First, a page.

Pyramid Lake is located in southeastern Washoe County in western Nevada. It is in an elongated intermontane basin between the Lake Range on the east, the Virginia Mountains on the west and the Pah Rah Range on the southwest. The Fox Range and the Smoke Creek Desert lie to the north.

The lake is the largest remnant of ancient Lake Lahontan that covered much of northwestern Nevada at the end of the last ice age. Pyramid Lake was the deepest point in Lake Lahontan, reaching an estimated 890 feet due to its low level relative to the surrounding basins.

The name of the lake comes from the impressive cone or pyramid shaped tufa formations found in the lake and along the shores. The largest such formation, Anaho Island, is home to a large colony of American white pelicans and is restricted for ecological reasons. Access to the Needles, another spectacular tufa formation at the northern end of the lake has also been restricted due to recent vandalism.

Major fish species include the Cui-ui lakesucker, which is endemic to Pyramid Lake, the Tui chub and Lahontan cutthroat trout (the world record cutthroat trout was caught in Pyramid Lake). The former is endangered, and the latter is threatened. Both species were of critical importance to the Paiute people in pre-contact times. As they are both obligate freshwater spawners, they rely on sufficient inflow to allow them to run up the Truckee River to spawn, otherwise their eggs will not hatch.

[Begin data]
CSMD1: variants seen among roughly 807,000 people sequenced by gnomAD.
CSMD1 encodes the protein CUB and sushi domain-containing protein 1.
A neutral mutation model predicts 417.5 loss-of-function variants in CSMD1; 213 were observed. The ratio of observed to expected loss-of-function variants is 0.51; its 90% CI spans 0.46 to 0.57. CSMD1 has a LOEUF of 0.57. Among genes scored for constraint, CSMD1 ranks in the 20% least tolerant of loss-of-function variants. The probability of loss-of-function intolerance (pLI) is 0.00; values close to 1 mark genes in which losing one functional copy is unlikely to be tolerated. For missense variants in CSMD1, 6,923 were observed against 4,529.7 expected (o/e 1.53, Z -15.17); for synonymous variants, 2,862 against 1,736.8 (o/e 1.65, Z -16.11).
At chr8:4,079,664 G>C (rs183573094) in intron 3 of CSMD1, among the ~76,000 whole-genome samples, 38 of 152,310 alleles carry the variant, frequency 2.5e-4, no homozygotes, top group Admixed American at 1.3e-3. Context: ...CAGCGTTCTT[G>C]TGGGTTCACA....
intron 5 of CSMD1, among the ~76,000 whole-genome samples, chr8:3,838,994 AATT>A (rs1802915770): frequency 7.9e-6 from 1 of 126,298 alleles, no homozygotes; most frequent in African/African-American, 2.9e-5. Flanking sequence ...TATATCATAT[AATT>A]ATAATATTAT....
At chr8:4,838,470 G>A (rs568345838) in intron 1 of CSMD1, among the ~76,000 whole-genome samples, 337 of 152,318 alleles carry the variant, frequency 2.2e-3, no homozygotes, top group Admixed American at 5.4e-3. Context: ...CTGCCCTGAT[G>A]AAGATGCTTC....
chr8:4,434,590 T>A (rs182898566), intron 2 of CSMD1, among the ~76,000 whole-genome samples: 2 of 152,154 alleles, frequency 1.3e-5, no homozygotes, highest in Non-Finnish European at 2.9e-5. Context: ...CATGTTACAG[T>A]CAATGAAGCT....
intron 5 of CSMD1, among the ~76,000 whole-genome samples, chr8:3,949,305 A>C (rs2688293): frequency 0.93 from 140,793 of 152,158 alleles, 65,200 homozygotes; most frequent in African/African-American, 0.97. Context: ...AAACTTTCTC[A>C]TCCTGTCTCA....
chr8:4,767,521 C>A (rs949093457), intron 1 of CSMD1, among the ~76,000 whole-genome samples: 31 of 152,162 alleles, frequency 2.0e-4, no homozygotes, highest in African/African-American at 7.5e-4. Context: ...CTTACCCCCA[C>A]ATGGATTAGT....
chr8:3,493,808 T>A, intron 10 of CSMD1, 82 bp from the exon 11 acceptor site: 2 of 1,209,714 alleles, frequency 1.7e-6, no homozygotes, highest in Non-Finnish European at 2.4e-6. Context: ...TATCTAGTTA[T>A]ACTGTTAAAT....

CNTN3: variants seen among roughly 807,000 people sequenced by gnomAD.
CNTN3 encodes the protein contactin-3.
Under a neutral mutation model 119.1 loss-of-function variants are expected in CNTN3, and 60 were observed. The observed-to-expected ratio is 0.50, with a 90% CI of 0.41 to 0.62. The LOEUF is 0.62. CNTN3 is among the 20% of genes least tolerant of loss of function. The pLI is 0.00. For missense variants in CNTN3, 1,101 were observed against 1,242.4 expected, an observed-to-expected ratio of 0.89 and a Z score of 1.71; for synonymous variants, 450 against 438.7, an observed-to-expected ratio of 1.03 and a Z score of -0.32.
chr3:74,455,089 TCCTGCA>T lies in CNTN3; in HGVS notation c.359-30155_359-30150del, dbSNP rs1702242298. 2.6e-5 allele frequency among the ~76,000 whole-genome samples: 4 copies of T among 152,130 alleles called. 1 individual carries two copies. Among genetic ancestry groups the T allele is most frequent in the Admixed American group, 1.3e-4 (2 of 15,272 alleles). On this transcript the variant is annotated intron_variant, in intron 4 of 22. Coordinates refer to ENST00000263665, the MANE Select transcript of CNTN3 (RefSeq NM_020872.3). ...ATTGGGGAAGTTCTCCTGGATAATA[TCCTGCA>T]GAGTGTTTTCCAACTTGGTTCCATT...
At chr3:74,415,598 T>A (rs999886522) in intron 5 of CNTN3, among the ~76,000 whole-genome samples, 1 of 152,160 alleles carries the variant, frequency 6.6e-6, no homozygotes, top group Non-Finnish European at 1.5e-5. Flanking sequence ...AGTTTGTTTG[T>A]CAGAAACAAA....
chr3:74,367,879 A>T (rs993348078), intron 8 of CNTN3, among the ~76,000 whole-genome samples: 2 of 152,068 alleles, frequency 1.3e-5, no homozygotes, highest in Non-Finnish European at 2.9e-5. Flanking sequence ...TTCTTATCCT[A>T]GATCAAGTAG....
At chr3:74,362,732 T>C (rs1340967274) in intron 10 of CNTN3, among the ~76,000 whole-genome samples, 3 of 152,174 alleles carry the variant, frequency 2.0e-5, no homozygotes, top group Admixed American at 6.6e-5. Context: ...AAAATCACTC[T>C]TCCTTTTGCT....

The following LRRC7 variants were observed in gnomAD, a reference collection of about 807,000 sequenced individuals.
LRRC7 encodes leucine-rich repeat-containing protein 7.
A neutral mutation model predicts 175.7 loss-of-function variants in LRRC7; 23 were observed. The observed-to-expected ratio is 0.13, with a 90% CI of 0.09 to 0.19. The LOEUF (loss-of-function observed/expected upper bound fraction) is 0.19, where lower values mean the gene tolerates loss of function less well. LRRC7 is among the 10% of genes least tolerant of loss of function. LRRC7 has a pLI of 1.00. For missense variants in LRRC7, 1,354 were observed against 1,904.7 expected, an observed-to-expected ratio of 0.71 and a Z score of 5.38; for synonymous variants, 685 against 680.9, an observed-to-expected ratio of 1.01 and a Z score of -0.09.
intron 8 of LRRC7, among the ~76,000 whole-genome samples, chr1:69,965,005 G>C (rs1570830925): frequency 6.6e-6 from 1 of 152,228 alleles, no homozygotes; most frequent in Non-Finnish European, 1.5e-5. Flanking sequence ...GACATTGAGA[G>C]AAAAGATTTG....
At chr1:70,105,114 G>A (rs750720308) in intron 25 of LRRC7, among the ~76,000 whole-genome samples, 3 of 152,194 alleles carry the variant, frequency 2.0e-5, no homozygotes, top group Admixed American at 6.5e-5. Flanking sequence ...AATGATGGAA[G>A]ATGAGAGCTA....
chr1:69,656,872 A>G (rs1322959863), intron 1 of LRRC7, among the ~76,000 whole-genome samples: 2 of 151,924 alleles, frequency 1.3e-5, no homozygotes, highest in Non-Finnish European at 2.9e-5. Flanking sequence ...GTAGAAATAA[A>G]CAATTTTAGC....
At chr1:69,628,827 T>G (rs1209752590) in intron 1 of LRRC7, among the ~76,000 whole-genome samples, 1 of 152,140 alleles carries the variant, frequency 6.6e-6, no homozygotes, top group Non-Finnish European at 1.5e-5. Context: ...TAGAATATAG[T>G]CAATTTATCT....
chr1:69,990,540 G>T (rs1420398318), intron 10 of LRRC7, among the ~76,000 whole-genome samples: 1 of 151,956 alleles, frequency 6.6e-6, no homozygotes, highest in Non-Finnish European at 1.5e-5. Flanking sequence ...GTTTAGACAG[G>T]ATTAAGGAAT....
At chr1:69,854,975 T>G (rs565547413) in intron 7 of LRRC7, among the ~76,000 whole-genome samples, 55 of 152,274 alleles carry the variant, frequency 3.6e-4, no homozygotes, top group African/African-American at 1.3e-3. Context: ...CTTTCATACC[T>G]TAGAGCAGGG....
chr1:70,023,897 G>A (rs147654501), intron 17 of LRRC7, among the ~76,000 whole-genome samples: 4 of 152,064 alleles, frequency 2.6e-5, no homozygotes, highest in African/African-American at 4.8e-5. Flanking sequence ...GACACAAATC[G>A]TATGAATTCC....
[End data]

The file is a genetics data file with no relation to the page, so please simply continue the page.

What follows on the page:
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Re: Spurs and the Great West

#716 Post by nrobertb » Tue Oct 02, 2018 9:58 am

One way to display your spurs.
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Re: Spurs and the Great West

#717 Post by nrobertb » Tue Oct 02, 2018 3:49 pm

Ohkay Owingeh is a census-designated place in Rio Arriba County, New Mexico, United States and a federally recognized tribe of Native American Pueblo people. The 2010 census found that 1,143 people lived there, while 1,522 people in the U.S. reported being exclusively Ohkay Owingeh and 1,770 people reported being Ohkay Owingeh exclusively or in combination with another group.

Ohkay Owingeh was previously known as San Juan Pueblo until returning to its pre-Spanish name in November 2005. The Tewa name of the pueblo means "place of the strong people".